prices increased continued in July and those increases continue to be
broad-based CoreLogic said on Tuesday.
The company's Home Price Index (HPI) report says that prices nationwide
including distressed sales (short sales and sales of bank-owned real estate)
were up 1.2 percent from June to July and increased 7.4 percent compared to July
2013. July thus becomes the 29th
month in which prices increased on an annual basis. CoreLogic points out however that these are no longer double-digit increases. The HPI which excludes distressed sales gained
6.8 percent on a year-over-year basis and was up 1.1 percent from June.
HPI which excludes distressed sales increased in every state and the District
of Columbia. Arkansas was the only state to post a decline
- 0.9 percent - when distressed sales were included. Eleven states and the District of Columbia
reached new highs on that index which contains data back to 1976. Those states are Alaska, Colorado, Iowa, Louisiana, Nebraska, North Dakota,
Oklahoma, South Dakota, Tennessee, Texas and Vermont.
The largest annual increases in home
values including distressed sales were in Michigan (+11.4 percent), Maine
(+10.6 percent), Nevada (+10.6 percent), Hawaii (+10.5 percent) and California
(+10.5 percent). Excluding distressed
sales the biggest gains were in Massachusetts (+11.2 percent), New York (+9.7
percent), Maine (+9.5 percent), Hawaii (+9.2 percent) and Florida (+8.8
"While home prices have clearly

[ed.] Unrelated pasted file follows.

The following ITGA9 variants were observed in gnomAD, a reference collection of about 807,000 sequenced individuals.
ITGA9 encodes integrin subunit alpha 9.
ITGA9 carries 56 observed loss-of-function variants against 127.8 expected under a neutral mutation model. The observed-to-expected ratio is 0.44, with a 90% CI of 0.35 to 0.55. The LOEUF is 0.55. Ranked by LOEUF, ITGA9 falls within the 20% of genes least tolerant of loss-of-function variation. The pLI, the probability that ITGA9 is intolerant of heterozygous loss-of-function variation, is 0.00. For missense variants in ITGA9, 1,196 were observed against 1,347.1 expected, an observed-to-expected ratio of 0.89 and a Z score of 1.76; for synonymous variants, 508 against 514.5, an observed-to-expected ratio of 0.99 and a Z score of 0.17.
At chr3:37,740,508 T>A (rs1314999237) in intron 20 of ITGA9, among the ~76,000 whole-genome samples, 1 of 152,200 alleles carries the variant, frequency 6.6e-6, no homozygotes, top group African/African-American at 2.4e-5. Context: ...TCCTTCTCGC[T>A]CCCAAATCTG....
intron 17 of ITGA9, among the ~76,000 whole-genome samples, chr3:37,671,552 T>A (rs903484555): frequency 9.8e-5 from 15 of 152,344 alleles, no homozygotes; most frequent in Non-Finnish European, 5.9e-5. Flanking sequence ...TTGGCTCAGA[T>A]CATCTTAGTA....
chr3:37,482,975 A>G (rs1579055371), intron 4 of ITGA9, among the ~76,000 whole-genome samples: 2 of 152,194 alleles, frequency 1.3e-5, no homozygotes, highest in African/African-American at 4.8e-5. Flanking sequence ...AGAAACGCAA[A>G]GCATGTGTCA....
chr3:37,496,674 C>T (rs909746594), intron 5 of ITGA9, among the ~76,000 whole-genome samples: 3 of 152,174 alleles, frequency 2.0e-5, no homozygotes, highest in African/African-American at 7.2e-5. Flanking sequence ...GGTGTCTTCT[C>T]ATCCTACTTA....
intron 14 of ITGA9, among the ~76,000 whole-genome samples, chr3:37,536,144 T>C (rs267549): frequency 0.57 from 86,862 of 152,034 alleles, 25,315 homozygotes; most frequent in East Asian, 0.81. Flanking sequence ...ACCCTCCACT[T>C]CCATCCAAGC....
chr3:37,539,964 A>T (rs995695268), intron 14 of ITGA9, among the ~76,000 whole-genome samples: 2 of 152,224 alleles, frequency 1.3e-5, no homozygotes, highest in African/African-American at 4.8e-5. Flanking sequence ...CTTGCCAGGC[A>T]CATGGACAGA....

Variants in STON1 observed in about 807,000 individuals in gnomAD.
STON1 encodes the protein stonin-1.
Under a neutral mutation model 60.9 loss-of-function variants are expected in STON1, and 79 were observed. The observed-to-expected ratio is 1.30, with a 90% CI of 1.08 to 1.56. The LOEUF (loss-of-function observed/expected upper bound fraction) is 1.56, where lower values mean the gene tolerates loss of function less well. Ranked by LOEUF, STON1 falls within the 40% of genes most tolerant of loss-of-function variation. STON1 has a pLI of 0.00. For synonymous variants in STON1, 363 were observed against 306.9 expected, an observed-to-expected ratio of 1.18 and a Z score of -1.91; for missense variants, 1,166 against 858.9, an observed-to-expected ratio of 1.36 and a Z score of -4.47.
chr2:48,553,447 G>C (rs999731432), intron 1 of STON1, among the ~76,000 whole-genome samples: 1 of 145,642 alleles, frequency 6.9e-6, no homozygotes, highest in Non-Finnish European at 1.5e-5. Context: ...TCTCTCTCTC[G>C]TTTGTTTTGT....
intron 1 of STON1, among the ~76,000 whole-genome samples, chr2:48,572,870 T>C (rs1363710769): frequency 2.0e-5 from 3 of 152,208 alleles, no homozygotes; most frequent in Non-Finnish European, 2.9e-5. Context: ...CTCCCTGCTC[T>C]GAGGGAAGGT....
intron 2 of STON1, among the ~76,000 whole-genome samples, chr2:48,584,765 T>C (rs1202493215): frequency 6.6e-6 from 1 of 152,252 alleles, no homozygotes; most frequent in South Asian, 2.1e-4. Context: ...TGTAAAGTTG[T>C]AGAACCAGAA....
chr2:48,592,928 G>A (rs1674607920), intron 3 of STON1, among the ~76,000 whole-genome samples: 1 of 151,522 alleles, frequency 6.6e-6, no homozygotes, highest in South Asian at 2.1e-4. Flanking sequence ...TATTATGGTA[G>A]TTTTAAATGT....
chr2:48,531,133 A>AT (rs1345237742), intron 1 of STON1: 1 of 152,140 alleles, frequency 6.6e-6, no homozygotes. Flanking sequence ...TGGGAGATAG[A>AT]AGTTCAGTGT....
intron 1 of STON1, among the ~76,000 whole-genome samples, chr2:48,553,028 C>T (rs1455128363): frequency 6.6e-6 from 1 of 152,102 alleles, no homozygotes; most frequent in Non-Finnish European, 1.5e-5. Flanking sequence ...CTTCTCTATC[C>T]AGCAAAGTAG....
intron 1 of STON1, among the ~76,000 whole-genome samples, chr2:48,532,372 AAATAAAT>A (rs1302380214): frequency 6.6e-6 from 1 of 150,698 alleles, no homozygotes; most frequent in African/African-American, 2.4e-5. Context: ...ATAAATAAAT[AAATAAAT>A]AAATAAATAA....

moderated nationwide since the spring, the geographic drivers of price
increases are shifting," said Sam Khater, deputy chief economist for
CoreLogic. "Entering this year, price increases were led by western and
southern states, but over the last few months northeastern and midwestern
states are migrating to the forefront of home price rankings."
CoreLogic is forecasting that home
prices including distressed sales will increased 0.6 percent from July to
August and will be 5.7 percent higher in July 2015 than in July 2014. Excluding distressed sales the monthly
increase is projected at 0.5 percent and by 5.2 percent year-over-year. The Forecast is a monthly projection of home
prices built using the CoreLogic HPI and other economic variables. Values are
derived from state-level forecasts by weighting indices according to the number
of owner-occupied households for each state.
"Home prices continued to march
higher across much of the U.S. in July. Most states are reaching price levels
not seen since the boom year of 2006," said Anand Nallathambi, president
and CEO of CoreLogic. "Our data indicates that this trend will continue,
with more states hitting new all-time peaks this year and into 2015 as the
Home prices are now down 11.9
percent from the peak in the national HPI that includes distressed sales. The peak-to-current change for the index
excluding distressed sales is -8.3 percent.
The peaks were established in April 2006. Some states however still substantially lag
the national recovery. In Nevada prices
are still 36.4 percent below the peak and in Florida 33.0 percent. Other states well below peak prices are
Arizona (-28.9 percent), Rhode Island (-26.9 percent), and New Jersey (- 20.6
Only two of the 100 Core Based Statistical
Areas with the largest populations failed to post year-over-year increases (those
numbers were provided for June.) These
were Worcester Massachusetts and Little Rock Arkansas.